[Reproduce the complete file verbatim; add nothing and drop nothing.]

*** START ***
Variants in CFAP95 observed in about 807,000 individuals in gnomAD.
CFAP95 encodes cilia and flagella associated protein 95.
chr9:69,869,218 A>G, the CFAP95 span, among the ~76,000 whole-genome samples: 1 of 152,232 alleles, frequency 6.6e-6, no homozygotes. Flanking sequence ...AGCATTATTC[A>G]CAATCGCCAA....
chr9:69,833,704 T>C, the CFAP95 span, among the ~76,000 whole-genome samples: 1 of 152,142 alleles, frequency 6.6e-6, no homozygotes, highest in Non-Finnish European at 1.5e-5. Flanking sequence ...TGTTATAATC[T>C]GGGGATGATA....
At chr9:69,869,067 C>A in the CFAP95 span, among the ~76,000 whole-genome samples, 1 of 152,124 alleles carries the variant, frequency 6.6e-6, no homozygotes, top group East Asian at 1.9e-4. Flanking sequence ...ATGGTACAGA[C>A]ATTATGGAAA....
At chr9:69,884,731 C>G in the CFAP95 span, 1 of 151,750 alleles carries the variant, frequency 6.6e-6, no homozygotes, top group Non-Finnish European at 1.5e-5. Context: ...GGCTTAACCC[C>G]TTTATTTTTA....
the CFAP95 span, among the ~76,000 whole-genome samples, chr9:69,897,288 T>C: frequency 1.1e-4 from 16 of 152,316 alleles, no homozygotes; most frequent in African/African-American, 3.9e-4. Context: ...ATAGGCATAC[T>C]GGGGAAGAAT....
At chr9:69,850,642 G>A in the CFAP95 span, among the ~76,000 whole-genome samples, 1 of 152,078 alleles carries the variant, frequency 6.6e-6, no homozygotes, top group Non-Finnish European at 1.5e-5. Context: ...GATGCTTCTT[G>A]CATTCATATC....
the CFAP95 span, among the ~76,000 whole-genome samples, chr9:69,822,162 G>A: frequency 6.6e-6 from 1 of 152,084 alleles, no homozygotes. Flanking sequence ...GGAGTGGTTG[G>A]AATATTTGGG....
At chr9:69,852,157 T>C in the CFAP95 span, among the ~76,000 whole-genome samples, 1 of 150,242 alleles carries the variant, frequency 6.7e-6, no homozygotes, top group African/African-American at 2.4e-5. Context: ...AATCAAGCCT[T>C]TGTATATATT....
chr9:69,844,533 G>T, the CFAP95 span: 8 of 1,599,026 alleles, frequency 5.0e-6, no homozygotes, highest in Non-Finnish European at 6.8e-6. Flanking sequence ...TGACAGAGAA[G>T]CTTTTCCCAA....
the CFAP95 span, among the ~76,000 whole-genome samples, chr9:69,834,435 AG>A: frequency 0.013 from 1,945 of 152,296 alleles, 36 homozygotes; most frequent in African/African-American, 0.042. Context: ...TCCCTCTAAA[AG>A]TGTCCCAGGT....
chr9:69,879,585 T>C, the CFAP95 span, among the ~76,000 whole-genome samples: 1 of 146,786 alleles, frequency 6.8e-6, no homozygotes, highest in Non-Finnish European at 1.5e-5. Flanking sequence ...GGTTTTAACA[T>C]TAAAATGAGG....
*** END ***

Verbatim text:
Variants in CFAP95 observed in about 807,000 individuals in gnomAD.
CFAP95 encodes cilia and flagella associated protein 95.
chr9:69,869,218 A>G, the CFAP95 span, among the ~76,000 whole-genome samples: 1 of 152,232 alleles, frequency 6.6e-6, no homozygotes. Flanking sequence ...AGCATTATTC[A>G]CAATCGCCAA....
chr9:69,833,704 T>C, the CFAP95 span, among the ~76,000 whole-genome samples: 1 of 152,142 alleles, frequency 6.6e-6, no homozygotes, highest in Non-Finnish European at 1.5e-5. Flanking sequence ...TGTTATAATC[T>C]GGGGATGATA....
At chr9:69,869,067 C>A in the CFAP95 span, among the ~76,000 whole-genome samples, 1 of 152,124 alleles carries the variant, frequency 6.6e-6, no homozygotes, top group East Asian at 1.9e-4. Flanking sequence ...ATGGTACAGA[C>A]ATTATGGAAA....
At chr9:69,884,731 C>G in the CFAP95 span, 1 of 151,750 alleles carries the variant, frequency 6.6e-6, no homozygotes, top group Non-Finnish European at 1.5e-5. Context: ...GGCTTAACCC[C>G]TTTATTTTTA....
the CFAP95 span, among the ~76,000 whole-genome samples, chr9:69,897,288 T>C: frequency 1.1e-4 from 16 of 152,316 alleles, no homozygotes; most frequent in African/African-American, 3.9e-4. Context: ...ATAGGCATAC[T>C]GGGGAAGAAT....
At chr9:69,850,642 G>A in the CFAP95 span, among the ~76,000 whole-genome samples, 1 of 152,078 alleles carries the variant, frequency 6.6e-6, no homozygotes, top group Non-Finnish European at 1.5e-5. Context: ...GATGCTTCTT[G>A]CATTCATATC....
the CFAP95 span, among the ~76,000 whole-genome samples, chr9:69,822,162 G>A: frequency 6.6e-6 from 1 of 152,084 alleles, no homozygotes. Flanking sequence ...GGAGTGGTTG[G>A]AATATTTGGG....
At chr9:69,852,157 T>C in the CFAP95 span, among the ~76,000 whole-genome samples, 1 of 150,242 alleles carries the variant, frequency 6.7e-6, no homozygotes, top group African/African-American at 2.4e-5. Context: ...AATCAAGCCT[T>C]TGTATATATT....
chr9:69,844,533 G>T, the CFAP95 span: 8 of 1,599,026 alleles, frequency 5.0e-6, no homozygotes, highest in Non-Finnish European at 6.8e-6. Flanking sequence ...TGACAGAGAA[G>T]CTTTTCCCAA....
the CFAP95 span, among the ~76,000 whole-genome samples, chr9:69,834,435 AG>A: frequency 0.013 from 1,945 of 152,296 alleles, 36 homozygotes; most frequent in African/African-American, 0.042. Context: ...TCCCTCTAAA[AG>A]TGTCCCAGGT....
chr9:69,879,585 T>C, the CFAP95 span, among the ~76,000 whole-genome samples: 1 of 146,786 alleles, frequency 6.8e-6, no homozygotes, highest in Non-Finnish European at 1.5e-5. Flanking sequence ...GGTTTTAACA[T>C]TAAAATGAGG....